Students lie, cheat, steal, but say they’re good

This was interesting article to read.

Statistics include:

  • 30 percent of U.S. high school students have stolen from a store
  • 23 percent said they stole something from a parent or other relative
  • 64 percent have cheated on a test
  • 36 percent said they used the Internet to plagiarize an assignment,
  • 42 percent said they sometimes lie to save money

Those are pretty crazy to think about.

But what caught me off guard was this statement:

“Despite such responses, 93 percent of the students said they were satisfied with their personal ethics and character, and 77 percent affirmed that “when it comes to doing what is right, I am better than most people I know.”

Now, 77% is a majority and a majority includes most people.

That means that most people think they they are better than most people.

Doesn’t make sense, does it?

8 thoughts on “Students lie, cheat, steal, but say they’re good

Add yours

  1. Nation wide.

    From the article:
    “The Josephson Institute, a Los Angeles-based ethics institute, surveyed 29,760 students at 100 randomly selected high schools nationwide, both public and private.”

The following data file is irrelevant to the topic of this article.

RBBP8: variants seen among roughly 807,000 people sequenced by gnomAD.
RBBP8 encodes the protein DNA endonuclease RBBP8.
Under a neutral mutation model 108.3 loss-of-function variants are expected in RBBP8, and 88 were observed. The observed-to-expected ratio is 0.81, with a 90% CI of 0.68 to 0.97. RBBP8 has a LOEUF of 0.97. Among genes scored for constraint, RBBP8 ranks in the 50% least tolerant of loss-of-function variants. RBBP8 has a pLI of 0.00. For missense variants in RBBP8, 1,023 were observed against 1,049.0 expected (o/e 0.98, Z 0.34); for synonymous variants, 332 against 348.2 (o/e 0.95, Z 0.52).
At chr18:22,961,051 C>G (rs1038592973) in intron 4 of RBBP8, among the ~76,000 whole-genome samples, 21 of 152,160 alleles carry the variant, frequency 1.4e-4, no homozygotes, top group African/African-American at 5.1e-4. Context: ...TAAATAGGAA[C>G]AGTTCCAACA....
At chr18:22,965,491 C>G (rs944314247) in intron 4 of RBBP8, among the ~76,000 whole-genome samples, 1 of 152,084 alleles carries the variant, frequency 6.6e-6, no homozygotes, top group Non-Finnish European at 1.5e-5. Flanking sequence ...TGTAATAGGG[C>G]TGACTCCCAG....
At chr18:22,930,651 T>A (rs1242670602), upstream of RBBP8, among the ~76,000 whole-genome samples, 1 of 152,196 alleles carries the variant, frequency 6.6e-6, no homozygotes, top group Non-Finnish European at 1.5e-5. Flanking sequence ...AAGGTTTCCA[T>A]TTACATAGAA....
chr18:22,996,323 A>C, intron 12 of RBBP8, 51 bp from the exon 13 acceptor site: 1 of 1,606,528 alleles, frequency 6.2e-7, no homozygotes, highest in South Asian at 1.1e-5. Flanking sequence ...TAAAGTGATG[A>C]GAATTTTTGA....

2. I have absolutely no difficulty believing all this, especially that there are few pangs of conscience about cheating. I spent years on the Academic Integrity Committee of my university, most recently in the late 1990’s. I thought we were fighting a losing battle, catching only those who were not smart enough to avoid getting caught. I think that this extraordinary extent of academic dishonesty reflects the culture at large in which it thrives.

  3. There’s a similar statistic with driving. A majority of people believe they’re better than average drivers. This is probably true with a a lot of things. We tend to be optimistic about ourselves in the sense that we tend to think better about our standings with respect to other people.

    Recent trends in psychology and philosophy (particularly moral psychology) take this to be healthy because it makes people more optimistic in other ways and contributes toward a better world. I call it self-deception and worry about its effects on our willingness to inflate ourselves. The Bible, of course, calls it pride and certainly doesn’t treat it as a virtue.

  4. Let’s look on the bright side of this: if the cheats who get caught are “those who were not smart enough to avoid getting caught”, at least the people who pass by cheating have proved that they are smart! Isn’t that the point of the exam? 😉

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